Eye Diseases of the Horse (AAEP 2003)

He stressed that horse owners should begin to watch their horses’ eyes because the sooner you see something wrong, the sooner your vet can get there and the sooner the horse can be healed.
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Dennis Brooks, DVM, PhD, Dipl. ACVO, is a professor of ophthalmology at the University of Florida. He opened his talk at the AAEP's Horseman's Day with a short video of an upper level dressage horse and rider. The horse is competing in fourth level completely blind. This unusual case was caused by the horse stepping on a nail and resulted in a systemic infection that got in his eyes and resulted in glaucoma.

"I always dedicate my lectures to the horses that I couldn't fix," said Brooks. "When I first got in practice, I failed often because we thought horse eyes didn't heal. The horse eye heals tremendously. We just have to learn."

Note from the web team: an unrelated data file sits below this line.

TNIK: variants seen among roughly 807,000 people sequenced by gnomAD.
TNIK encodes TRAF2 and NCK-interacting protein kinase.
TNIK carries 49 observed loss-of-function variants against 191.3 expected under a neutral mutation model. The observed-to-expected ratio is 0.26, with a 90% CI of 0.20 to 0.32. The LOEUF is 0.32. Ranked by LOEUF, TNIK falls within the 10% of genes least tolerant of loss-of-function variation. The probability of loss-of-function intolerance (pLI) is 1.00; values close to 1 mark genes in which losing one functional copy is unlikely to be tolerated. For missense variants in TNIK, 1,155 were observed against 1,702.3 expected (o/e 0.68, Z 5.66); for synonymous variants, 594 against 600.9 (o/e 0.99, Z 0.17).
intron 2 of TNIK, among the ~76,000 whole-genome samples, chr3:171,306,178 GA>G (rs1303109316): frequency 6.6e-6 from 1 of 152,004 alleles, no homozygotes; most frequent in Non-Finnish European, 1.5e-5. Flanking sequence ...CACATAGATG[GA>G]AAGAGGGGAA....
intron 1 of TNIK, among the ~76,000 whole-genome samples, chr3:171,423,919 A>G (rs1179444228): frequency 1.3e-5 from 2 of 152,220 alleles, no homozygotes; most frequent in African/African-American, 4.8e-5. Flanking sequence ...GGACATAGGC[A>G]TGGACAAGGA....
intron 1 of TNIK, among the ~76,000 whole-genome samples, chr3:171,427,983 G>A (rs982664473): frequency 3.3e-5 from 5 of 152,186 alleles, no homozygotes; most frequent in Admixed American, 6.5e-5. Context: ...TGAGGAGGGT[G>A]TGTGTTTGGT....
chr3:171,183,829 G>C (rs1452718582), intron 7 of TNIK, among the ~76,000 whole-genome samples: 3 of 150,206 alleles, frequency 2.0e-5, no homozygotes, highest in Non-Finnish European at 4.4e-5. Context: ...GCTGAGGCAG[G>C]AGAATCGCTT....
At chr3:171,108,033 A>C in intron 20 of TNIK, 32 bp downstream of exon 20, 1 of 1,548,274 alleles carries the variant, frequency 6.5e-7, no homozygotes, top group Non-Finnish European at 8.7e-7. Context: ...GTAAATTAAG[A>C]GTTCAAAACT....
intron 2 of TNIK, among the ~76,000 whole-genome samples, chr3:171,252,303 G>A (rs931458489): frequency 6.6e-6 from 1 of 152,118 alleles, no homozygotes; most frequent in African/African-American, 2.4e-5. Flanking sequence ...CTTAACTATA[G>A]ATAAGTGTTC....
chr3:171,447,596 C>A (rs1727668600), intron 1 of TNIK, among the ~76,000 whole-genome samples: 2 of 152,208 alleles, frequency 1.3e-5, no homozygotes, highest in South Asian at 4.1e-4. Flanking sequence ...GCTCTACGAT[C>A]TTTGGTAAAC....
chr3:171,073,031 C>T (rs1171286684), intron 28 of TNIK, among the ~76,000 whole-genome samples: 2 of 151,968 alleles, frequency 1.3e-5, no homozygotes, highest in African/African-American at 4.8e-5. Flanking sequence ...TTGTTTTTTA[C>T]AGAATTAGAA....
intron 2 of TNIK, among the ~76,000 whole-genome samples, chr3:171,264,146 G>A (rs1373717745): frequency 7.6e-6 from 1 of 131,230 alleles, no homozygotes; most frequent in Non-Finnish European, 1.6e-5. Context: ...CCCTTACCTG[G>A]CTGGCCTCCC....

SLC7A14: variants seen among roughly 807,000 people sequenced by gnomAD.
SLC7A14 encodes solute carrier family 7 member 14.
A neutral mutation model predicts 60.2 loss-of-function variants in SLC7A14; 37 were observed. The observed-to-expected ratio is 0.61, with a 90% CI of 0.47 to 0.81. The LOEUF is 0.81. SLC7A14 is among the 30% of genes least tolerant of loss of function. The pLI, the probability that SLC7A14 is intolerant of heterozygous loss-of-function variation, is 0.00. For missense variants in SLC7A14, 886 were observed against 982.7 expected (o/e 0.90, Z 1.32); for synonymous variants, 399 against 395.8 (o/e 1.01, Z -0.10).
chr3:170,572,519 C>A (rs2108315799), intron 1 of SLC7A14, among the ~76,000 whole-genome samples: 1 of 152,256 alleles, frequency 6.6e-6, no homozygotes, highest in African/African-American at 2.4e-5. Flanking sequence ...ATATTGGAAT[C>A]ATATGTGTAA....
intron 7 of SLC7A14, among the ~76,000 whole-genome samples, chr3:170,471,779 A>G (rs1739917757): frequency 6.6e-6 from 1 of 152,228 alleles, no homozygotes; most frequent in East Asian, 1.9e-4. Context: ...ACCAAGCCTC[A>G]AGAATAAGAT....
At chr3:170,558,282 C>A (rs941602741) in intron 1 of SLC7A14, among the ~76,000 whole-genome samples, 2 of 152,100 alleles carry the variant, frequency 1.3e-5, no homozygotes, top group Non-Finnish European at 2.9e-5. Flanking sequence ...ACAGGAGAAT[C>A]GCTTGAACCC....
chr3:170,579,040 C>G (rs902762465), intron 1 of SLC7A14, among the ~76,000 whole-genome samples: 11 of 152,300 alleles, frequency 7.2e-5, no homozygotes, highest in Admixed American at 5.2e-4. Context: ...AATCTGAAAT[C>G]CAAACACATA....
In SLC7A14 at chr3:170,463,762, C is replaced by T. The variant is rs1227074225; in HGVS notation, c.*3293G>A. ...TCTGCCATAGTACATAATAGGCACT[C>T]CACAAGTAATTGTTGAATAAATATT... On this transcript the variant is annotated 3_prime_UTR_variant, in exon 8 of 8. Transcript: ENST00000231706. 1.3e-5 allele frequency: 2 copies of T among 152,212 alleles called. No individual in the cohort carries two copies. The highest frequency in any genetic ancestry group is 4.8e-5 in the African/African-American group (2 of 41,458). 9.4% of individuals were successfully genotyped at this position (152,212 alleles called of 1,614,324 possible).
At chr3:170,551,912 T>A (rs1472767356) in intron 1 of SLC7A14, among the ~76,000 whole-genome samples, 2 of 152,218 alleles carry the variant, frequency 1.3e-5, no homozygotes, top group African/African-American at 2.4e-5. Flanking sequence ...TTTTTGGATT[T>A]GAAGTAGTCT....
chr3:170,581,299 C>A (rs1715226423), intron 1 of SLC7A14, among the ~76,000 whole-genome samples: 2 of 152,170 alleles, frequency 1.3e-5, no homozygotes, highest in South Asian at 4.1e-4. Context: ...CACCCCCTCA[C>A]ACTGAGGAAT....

He stressed that horse owners should begin to watch their horses' eyes because the sooner you see something wrong, the sooner your vet can get there and the sooner the horse can be healed.

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Written by:

Kimberly S. Brown is the editor of EquiManagement/EquiManagement.com and the group publisher of the Equine Health Network at Equine Network LLC.

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